Continuing on from my last post regarding new client-side storage options, I decided to keep the trend of HTML5-related posts coming :)

So unless you haven’t visited the web in the last 3 years, you know that location-based services are super-hot right now.  If social networking was the final result of Web 2.0, wiring-in people’s browsers (both position-locked and mobile) to geolocation is easily Web 3.0 and beyond.  For example, with few exceptions, the vast majority of my iPhone apps have some geo-location component.  Whether it’s my RedBox app finding me the closest kiosk, or FourSquare letting me “check in” to new (and not so new) locations, nearly everything I do on the web is able to be tagged with a location.  Every tweet, every Facebook wall post, heck, even this blog post have geolocation data attached to them.  In every possible way, the web is no longer just about “what” you are doing–it’s where you’re doing it as well.

To help make this more of an integrated reality, HTML5 will come fully-loaded with baked-in geolocation support.  As with client-side storage, dealing with the geolocation options is quite easy.

Let’s take a look at a simple example.  In what follows, I simply want to get a snap-shot of my current location and plop a marker of it on a Google map.  With HTML5, this is super easy.

First, we’ll be dealing with the Geolocation object.  This object is basically the wrapper for everything that we’ll be doing, so we’ll start by getting a reference to it:

var geo = navigator.geolocation;

Now there are several methods that are a part of the Geolocation object.  However, the one we’ll be looking at is getCurrentPosition().  As it’s name indicates, getCurrentPosition() is the gateway method for invoking geo-location services in HTML5.  This method takes up to 3 arguments:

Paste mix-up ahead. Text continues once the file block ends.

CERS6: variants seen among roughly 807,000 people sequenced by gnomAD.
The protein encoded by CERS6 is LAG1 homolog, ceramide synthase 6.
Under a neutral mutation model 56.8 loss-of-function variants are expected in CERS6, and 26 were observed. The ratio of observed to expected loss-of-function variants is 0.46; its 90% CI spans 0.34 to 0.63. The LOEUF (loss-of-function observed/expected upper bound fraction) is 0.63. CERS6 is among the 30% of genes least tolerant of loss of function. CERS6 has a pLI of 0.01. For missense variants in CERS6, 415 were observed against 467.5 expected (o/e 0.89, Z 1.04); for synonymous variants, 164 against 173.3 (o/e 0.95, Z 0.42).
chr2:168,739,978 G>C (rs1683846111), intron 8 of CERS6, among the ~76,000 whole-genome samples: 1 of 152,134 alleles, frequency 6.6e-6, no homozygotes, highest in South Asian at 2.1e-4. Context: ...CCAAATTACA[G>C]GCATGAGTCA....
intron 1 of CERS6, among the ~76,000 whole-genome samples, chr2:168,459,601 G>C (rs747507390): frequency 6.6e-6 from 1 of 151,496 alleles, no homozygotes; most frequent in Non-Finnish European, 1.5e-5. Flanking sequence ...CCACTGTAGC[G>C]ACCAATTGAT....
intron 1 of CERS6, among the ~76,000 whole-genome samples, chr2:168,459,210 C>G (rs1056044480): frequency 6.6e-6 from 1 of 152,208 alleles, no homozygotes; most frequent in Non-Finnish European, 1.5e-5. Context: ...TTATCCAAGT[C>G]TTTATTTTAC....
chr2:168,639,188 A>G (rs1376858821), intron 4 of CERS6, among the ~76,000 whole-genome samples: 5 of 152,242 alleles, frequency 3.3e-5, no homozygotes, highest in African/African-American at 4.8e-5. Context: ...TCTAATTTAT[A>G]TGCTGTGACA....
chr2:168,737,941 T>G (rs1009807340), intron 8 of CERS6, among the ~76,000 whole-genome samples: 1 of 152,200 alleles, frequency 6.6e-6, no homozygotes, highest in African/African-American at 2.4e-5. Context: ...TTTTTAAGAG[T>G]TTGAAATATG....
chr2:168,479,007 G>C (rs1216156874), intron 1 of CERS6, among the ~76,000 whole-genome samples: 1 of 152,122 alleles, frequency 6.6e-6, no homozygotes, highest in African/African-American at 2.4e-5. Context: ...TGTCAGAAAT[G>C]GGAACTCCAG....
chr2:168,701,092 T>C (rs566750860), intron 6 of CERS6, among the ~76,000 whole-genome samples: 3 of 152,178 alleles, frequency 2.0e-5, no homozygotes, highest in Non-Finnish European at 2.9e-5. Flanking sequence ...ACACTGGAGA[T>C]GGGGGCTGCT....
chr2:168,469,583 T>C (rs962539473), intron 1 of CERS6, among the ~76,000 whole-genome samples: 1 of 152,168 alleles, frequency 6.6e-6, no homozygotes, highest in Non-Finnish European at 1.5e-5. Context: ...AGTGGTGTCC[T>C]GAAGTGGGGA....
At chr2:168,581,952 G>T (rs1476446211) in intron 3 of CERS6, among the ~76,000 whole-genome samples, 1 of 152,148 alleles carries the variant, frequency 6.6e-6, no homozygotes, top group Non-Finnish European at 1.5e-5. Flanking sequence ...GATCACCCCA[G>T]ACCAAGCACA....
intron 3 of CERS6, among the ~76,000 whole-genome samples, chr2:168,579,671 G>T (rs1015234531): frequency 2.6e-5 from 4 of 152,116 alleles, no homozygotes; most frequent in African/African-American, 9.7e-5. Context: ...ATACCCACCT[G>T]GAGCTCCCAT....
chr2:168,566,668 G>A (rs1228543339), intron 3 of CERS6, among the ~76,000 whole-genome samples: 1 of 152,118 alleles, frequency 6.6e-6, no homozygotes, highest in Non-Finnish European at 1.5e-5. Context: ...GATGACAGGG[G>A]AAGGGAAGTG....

1. Success callback method
  2. Error handler method
  3. PositionOptions

The PositionOptions object, additionally, has 3 parameters that can be defined and passed in getCurrentPosition():

  1. enableHighAccuracy (specifies whether highest accuracy search should be used…can affect performance)
  2. timeout (how long the process should wait before invoking the PositionError object if Position cannot be retrieved)
  3. maximumAge (how old a cached Position object can be used before a new one must be requested)

Putting this all together, our invocation of getCurrentPosition() looks like this:

var get = navigator.geolocation;
geo.getCurrentPosition(GeoSuccess,GeoError,{enableHighAccuracy:false});

Note: if you run the demo of this code, you’ll notice that you’ll be prompted to allow the browser to begin gathering location-based information about you.  This is part of the spec, and is intended to protect user’s privacy.  Given how click-happy most people are, I’m not sure it will accomplish much, but go figure :)

Now that we’ve invoked getCurrentPosition(), we’ll receive back a new Position object containing all the info we need about the location of the user.  Depending on the implementation, this will include a coords object that provides:

  1. longitude
  2. latitude
  3. altitude
  4. accuracy
  5. altitudeAccuracy
  6. heading
  7. speed

For our purposes, only 1, 2, and 4 are important.  One interesting thing to note, however is that “accuracy” provides information on how accurate, in meters, the geo-location was.  In my test, I got an accuracy range of 150 meters–pretty darn good!

With this information, we can now plot our marker on a map.  The rest of the code is really not HTML5 at all–it’s the Google Maps JavaScript API V3…but I thought I’d include it here to show how easy HTML5 and Google Maps make the process of this simple geolocation experiment:

function GeoSuccess(req) {
      var opts = {zoom: 5,mapTypeId:google.maps.MapTypeId.ROADMAP};
      var map = new google.maps.Map(document.getElementById("map_canvas"),opts);
      var loc = new google.maps.LatLng(req.coords.latitude,req.coords.longitude);
      var marker = new google.maps.Marker({position:loc,map:map,title:'Look, Ma, it\'s me!'});
      map.setCenter(loc);
}

Wrapping Up

As you’ve seen in this post, utilizing HTML5’s geolocation services is pretty simple.  There’s much more to it, of course, so be sure to check out the spec.

Also, be sure to check out the demo for this post.  And if you make something cool of your own, let me know about it!